New supernova solves the mystery of millennium stars


Around July 4th, In 1054, Chinese astronomers recorded a “guest star” whose light is so bright that it can be seen for 23 days in broad daylight.The remnants of that long ago supernova are now formed Crab NebulaFor a long time, astronomers have been very interested in this. Some people hypothesized that SN 1054 (as it is now known) is a new and rare type of supernova, first described by a physicist about 40 years ago.A group of astronomers have now identified the second most recent supernova-called SN 2018zd-which meets all the criteria for this new type, according to A new paper Published in the journal Natural astronomy, Thus providing an important missing link for our knowledge of stellar evolution.

“When we discover a new astrophysical object, the term’Rosetta stele’ is often used as an analogy, but in this case, I think it is appropriate,” Co-author Andrew Howell says Las Cumbres Observatory (LCO). “This supernova really helped us decode the thousand-year record of cultures from all over the world. It helped us connect something we don’t fully understand, the Crab Nebula, with another thing we have an incredible modern record. This supernova. In this process, it taught us basic physics: how some neutron stars are formed, how extreme stars survive and die, and how the elements we make are created and dispersed in the universe .”

There are two known Supernova, Depends on the mass of the original star. Iron-core collapse supernovae occur together with massive stars (greater than 10 solar masses), which collapse so violently that they cause a huge catastrophic explosion. The temperature and pressure became so high that the carbon in the star’s core began to fuse. This prevents the core from collapsing, at least temporarily, and the process continues over and over again, with the nucleus gradually becoming heavier. (Most of the heavy elements in the periodic table were born in the intense melting pot of explosive supernovas that were once massive stars.) When the fuel is finally completely exhausted, (by then) the iron core will collapse into a black hole or neutron star.

Then there are thermonuclear supernovae. Smaller stars (up to about 8 solar masses) gradually cool down and become dense gray cores called white dwarfs. If a white dwarf star running out of nuclear fuel is part of a binary star system, it can suck material from its partner and increase its mass until its core reaches a high enough temperature for carbon fusion to occur.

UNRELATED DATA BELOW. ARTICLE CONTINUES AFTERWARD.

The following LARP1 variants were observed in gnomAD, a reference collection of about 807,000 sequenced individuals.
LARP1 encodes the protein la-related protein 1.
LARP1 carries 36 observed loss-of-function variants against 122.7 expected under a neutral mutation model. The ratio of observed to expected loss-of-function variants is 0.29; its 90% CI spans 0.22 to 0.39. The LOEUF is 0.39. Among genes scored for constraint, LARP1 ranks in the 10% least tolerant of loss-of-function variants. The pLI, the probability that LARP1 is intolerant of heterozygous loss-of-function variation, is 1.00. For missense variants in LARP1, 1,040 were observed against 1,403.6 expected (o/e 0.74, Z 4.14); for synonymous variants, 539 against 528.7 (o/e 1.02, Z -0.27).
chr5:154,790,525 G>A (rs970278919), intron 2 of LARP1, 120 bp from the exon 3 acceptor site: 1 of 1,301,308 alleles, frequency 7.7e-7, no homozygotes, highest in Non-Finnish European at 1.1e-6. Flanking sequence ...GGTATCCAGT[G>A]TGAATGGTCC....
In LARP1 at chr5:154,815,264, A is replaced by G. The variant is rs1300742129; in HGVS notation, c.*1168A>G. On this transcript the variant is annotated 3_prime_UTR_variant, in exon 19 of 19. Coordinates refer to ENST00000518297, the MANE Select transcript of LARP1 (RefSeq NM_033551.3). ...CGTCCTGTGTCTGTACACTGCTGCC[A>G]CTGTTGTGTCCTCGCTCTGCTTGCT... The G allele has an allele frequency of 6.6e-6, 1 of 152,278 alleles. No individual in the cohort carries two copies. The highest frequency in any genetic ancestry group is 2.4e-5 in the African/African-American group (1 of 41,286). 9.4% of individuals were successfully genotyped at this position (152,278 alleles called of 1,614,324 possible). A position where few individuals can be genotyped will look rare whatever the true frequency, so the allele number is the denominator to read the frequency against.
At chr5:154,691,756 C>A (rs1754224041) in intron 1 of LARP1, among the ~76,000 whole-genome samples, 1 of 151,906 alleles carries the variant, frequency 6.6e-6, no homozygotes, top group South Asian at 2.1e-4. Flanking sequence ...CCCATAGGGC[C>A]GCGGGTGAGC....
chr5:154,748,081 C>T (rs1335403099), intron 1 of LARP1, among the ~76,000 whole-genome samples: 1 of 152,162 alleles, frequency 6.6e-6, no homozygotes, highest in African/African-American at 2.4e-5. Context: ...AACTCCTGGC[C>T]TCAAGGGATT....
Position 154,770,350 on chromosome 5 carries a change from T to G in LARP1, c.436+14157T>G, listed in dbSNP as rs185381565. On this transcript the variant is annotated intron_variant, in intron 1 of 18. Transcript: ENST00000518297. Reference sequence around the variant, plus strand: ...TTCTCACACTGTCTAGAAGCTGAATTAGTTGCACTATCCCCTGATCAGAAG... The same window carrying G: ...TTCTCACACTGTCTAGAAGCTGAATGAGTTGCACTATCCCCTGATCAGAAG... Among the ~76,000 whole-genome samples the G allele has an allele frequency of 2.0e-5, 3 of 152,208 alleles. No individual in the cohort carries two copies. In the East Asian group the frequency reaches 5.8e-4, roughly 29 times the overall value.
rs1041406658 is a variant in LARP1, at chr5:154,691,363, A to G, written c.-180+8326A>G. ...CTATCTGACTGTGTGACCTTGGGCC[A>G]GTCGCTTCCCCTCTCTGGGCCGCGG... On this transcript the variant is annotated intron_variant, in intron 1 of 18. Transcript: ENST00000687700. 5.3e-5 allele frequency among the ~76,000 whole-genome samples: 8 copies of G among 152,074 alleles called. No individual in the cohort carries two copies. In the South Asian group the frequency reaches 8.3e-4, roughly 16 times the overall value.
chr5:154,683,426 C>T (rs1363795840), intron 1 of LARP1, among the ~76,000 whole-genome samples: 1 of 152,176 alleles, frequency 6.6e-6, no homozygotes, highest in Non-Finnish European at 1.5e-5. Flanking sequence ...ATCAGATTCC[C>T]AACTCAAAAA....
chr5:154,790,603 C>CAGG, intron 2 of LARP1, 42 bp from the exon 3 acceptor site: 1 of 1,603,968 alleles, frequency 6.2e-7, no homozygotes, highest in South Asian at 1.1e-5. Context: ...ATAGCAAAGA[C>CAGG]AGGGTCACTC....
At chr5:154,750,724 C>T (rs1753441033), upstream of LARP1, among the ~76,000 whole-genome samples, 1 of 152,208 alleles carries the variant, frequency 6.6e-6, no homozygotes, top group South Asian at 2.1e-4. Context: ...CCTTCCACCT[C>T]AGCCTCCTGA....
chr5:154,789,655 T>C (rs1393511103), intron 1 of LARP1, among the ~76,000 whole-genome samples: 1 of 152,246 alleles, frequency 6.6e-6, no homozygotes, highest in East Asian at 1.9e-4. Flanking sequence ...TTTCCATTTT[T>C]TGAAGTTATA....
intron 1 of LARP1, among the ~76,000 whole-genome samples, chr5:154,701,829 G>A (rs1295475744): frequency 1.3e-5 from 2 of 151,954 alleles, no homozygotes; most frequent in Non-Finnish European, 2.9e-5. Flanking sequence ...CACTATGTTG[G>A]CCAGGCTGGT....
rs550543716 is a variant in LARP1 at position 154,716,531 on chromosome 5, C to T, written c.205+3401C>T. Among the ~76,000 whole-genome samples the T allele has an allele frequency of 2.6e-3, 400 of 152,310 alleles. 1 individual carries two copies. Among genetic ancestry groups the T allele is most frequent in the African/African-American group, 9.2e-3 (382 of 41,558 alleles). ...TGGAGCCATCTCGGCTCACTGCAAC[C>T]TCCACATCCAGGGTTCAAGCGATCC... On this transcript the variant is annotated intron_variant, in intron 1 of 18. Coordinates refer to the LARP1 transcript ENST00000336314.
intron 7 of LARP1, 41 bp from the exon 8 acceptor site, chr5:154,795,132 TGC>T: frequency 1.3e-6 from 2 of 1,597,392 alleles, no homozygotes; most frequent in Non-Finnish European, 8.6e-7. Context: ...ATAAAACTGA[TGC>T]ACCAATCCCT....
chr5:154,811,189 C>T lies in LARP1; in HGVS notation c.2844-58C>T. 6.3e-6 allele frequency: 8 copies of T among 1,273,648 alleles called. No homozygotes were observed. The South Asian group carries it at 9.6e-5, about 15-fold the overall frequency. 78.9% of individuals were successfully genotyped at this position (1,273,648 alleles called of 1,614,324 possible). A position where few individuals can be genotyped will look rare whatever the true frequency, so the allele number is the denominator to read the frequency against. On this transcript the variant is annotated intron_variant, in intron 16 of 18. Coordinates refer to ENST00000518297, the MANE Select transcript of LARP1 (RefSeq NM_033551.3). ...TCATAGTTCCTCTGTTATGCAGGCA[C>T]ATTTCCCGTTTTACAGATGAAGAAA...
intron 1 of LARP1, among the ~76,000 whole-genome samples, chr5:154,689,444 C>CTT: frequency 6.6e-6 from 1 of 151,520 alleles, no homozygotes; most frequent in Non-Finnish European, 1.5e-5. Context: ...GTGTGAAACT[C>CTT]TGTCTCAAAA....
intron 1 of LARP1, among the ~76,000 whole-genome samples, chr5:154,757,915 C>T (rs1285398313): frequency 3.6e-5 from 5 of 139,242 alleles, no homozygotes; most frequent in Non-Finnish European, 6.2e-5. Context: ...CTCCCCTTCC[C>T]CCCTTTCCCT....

In 1980, Ken’ichi Nomoto, a physicist at the University of Tokyo in Japan, speculated that there may be a third intermediate type: the so-called “electron capture” supernova, in which a star is not heavy enough to produce an iron core-collapse supernova, but not enough. Prevent its core from collapsing completely. Conversely, when the cores of these stars are composed of oxygen, neon, and magnesium, they stop the fusion process. In this case, electrons will be swallowed by neon and magnesium in the core, causing the core to bend under its own weight. The end result is a supernova.

Since Nomoto first proposed electron capture supernovae, theorists have determined six key characteristics based on his work: stars should have a lot of mass; they should lose most of their mass before they explode; Ordinary chemical composition; the resulting supernova should be weak; there should be almost no radioactive fallout; and the core should contain neutron-rich elements.

SN 2018zd was first discovered in March 2018, only 31 million light-years away, in a galaxy called NGC2146. The team was able to identify possible ancestors by searching archive images taken by the Hubble Space Telescope and Spitzer Space Telescope. In the next few years, they continued to collect data on SN 2018zd. Astronomers at the University of California, Davis provided spectroscopic analysis to prove that this is the key evidence that this is indeed an electron trapping supernova.

When they combed through the supernova data released so far, the team noticed that a few met some prediction criteria. But only SN 2018zd checked all six boxes. Because of this discovery, astronomers are even more convinced that the supernova that gave birth to the Crab Nebula in 1054 was also an electron-capturing supernova, although it took too long to make a definite confirmation. This can also explain why SN 1054 emits such a bright light: the material ejected from the explosion is likely to collide with the material shed from its predecessor star-this is the same thing that happened with SN 2018zd.

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